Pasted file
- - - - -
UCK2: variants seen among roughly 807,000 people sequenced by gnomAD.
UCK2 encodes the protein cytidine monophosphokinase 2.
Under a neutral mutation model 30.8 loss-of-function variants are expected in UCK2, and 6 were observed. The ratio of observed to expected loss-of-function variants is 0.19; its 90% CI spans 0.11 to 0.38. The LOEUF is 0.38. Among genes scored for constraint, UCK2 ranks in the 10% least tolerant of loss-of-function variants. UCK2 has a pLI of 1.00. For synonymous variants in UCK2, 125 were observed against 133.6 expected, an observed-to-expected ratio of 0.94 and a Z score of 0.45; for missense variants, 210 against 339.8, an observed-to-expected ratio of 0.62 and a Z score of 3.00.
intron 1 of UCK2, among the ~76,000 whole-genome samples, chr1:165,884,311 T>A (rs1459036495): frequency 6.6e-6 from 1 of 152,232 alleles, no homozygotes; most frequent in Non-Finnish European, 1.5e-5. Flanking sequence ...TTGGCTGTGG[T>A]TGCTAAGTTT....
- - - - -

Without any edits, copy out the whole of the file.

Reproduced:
UCK2: variants seen among roughly 807,000 people sequenced by gnomAD.
UCK2 encodes the protein cytidine monophosphokinase 2.
Under a neutral mutation model 30.8 loss-of-function variants are expected in UCK2, and 6 were observed. The ratio of observed to expected loss-of-function variants is 0.19; its 90% CI spans 0.11 to 0.38. The LOEUF is 0.38. Among genes scored for constraint, UCK2 ranks in the 10% least tolerant of loss-of-function variants. UCK2 has a pLI of 1.00. For synonymous variants in UCK2, 125 were observed against 133.6 expected, an observed-to-expected ratio of 0.94 and a Z score of 0.45; for missense variants, 210 against 339.8, an observed-to-expected ratio of 0.62 and a Z score of 3.00.
intron 1 of UCK2, among the ~76,000 whole-genome samples, chr1:165,884,311 T>A (rs1459036495): frequency 6.6e-6 from 1 of 152,232 alleles, no homozygotes; most frequent in Non-Finnish European, 1.5e-5. Flanking sequence ...TTGGCTGTGG[T>A]TGCTAAGTTT....